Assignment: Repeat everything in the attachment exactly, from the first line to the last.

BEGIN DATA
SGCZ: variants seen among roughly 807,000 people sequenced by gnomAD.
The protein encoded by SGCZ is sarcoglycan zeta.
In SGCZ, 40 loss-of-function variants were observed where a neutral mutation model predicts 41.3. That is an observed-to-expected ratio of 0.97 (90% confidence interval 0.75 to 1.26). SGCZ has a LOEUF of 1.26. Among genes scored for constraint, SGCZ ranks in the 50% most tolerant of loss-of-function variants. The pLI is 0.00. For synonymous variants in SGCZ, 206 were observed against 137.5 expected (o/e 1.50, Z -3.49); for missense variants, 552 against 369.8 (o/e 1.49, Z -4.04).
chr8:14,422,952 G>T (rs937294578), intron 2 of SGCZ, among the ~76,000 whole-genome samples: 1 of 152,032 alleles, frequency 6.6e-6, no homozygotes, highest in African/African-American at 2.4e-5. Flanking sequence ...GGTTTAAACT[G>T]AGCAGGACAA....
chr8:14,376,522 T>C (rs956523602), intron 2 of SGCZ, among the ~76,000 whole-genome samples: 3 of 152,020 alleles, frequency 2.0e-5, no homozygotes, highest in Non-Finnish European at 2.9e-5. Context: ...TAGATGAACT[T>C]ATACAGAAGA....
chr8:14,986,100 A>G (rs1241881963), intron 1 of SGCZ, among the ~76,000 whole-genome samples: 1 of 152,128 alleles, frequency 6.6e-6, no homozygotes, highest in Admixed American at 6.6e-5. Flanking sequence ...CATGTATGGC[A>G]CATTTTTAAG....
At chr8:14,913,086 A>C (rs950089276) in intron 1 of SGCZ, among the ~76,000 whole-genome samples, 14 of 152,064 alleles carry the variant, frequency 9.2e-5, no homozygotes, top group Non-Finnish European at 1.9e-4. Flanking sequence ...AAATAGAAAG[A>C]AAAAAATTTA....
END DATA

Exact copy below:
SGCZ: variants seen among roughly 807,000 people sequenced by gnomAD.
The protein encoded by SGCZ is sarcoglycan zeta.
In SGCZ, 40 loss-of-function variants were observed where a neutral mutation model predicts 41.3. That is an observed-to-expected ratio of 0.97 (90% confidence interval 0.75 to 1.26). SGCZ has a LOEUF of 1.26. Among genes scored for constraint, SGCZ ranks in the 50% most tolerant of loss-of-function variants. The pLI is 0.00. For synonymous variants in SGCZ, 206 were observed against 137.5 expected (o/e 1.50, Z -3.49); for missense variants, 552 against 369.8 (o/e 1.49, Z -4.04).
chr8:14,422,952 G>T (rs937294578), intron 2 of SGCZ, among the ~76,000 whole-genome samples: 1 of 152,032 alleles, frequency 6.6e-6, no homozygotes, highest in African/African-American at 2.4e-5. Flanking sequence ...GGTTTAAACT[G>T]AGCAGGACAA....
chr8:14,376,522 T>C (rs956523602), intron 2 of SGCZ, among the ~76,000 whole-genome samples: 3 of 152,020 alleles, frequency 2.0e-5, no homozygotes, highest in Non-Finnish European at 2.9e-5. Context: ...TAGATGAACT[T>C]ATACAGAAGA....
chr8:14,986,100 A>G (rs1241881963), intron 1 of SGCZ, among the ~76,000 whole-genome samples: 1 of 152,128 alleles, frequency 6.6e-6, no homozygotes, highest in Admixed American at 6.6e-5. Flanking sequence ...CATGTATGGC[A>G]CATTTTTAAG....
At chr8:14,913,086 A>C (rs950089276) in intron 1 of SGCZ, among the ~76,000 whole-genome samples, 14 of 152,064 alleles carry the variant, frequency 9.2e-5, no homozygotes, top group Non-Finnish European at 1.9e-4. Flanking sequence ...AAATAGAAAG[A>C]AAAAAATTTA....